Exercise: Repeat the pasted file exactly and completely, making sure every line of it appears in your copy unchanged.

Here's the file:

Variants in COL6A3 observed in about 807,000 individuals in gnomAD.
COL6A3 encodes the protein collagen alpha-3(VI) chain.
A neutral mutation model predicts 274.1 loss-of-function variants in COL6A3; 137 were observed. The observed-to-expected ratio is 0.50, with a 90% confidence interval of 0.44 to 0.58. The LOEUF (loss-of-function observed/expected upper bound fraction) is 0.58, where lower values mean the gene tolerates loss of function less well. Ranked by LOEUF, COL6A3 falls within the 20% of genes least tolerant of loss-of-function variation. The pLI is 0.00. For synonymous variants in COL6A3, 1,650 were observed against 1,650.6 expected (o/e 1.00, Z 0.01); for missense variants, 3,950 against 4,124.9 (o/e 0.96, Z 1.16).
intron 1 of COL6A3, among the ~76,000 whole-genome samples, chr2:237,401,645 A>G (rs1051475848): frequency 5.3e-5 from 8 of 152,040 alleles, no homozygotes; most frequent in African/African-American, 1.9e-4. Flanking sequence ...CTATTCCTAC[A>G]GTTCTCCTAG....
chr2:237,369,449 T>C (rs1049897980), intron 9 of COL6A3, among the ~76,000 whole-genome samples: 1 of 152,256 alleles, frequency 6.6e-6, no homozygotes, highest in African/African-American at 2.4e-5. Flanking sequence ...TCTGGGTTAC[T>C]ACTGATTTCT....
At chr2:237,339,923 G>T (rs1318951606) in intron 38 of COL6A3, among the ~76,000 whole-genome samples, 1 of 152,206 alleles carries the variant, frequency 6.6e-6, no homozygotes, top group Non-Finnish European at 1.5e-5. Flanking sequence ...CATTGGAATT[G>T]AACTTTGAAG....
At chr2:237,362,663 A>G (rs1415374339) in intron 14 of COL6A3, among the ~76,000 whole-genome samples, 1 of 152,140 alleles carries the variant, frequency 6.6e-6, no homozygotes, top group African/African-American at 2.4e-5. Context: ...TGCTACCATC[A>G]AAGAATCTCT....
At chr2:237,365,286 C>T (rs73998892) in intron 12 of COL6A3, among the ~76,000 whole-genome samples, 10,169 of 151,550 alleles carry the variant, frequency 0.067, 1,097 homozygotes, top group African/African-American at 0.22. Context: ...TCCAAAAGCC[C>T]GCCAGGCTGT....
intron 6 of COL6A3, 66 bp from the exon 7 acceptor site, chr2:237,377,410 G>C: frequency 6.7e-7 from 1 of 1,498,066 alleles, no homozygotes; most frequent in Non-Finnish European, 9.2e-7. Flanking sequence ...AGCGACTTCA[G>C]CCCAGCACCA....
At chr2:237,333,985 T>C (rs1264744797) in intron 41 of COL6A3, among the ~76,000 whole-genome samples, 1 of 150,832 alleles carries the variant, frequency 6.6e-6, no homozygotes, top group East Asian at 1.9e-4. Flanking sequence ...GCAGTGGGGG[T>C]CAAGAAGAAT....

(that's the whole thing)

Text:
Variants in COL6A3 observed in about 807,000 individuals in gnomAD.
COL6A3 encodes the protein collagen alpha-3(VI) chain.
A neutral mutation model predicts 274.1 loss-of-function variants in COL6A3; 137 were observed. The observed-to-expected ratio is 0.50, with a 90% confidence interval of 0.44 to 0.58. The LOEUF (loss-of-function observed/expected upper bound fraction) is 0.58, where lower values mean the gene tolerates loss of function less well. Ranked by LOEUF, COL6A3 falls within the 20% of genes least tolerant of loss-of-function variation. The pLI is 0.00. For synonymous variants in COL6A3, 1,650 were observed against 1,650.6 expected (o/e 1.00, Z 0.01); for missense variants, 3,950 against 4,124.9 (o/e 0.96, Z 1.16).
intron 1 of COL6A3, among the ~76,000 whole-genome samples, chr2:237,401,645 A>G (rs1051475848): frequency 5.3e-5 from 8 of 152,040 alleles, no homozygotes; most frequent in African/African-American, 1.9e-4. Flanking sequence ...CTATTCCTAC[A>G]GTTCTCCTAG....
chr2:237,369,449 T>C (rs1049897980), intron 9 of COL6A3, among the ~76,000 whole-genome samples: 1 of 152,256 alleles, frequency 6.6e-6, no homozygotes, highest in African/African-American at 2.4e-5. Flanking sequence ...TCTGGGTTAC[T>C]ACTGATTTCT....
At chr2:237,339,923 G>T (rs1318951606) in intron 38 of COL6A3, among the ~76,000 whole-genome samples, 1 of 152,206 alleles carries the variant, frequency 6.6e-6, no homozygotes, top group Non-Finnish European at 1.5e-5. Flanking sequence ...CATTGGAATT[G>T]AACTTTGAAG....
At chr2:237,362,663 A>G (rs1415374339) in intron 14 of COL6A3, among the ~76,000 whole-genome samples, 1 of 152,140 alleles carries the variant, frequency 6.6e-6, no homozygotes, top group African/African-American at 2.4e-5. Context: ...TGCTACCATC[A>G]AAGAATCTCT....
At chr2:237,365,286 C>T (rs73998892) in intron 12 of COL6A3, among the ~76,000 whole-genome samples, 10,169 of 151,550 alleles carry the variant, frequency 0.067, 1,097 homozygotes, top group African/African-American at 0.22. Context: ...TCCAAAAGCC[C>T]GCCAGGCTGT....
intron 6 of COL6A3, 66 bp from the exon 7 acceptor site, chr2:237,377,410 G>C: frequency 6.7e-7 from 1 of 1,498,066 alleles, no homozygotes; most frequent in Non-Finnish European, 9.2e-7. Flanking sequence ...AGCGACTTCA[G>C]CCCAGCACCA....
At chr2:237,333,985 T>C (rs1264744797) in intron 41 of COL6A3, among the ~76,000 whole-genome samples, 1 of 150,832 alleles carries the variant, frequency 6.6e-6, no homozygotes, top group East Asian at 1.9e-4. Flanking sequence ...GCAGTGGGGG[T>C]CAAGAAGAAT....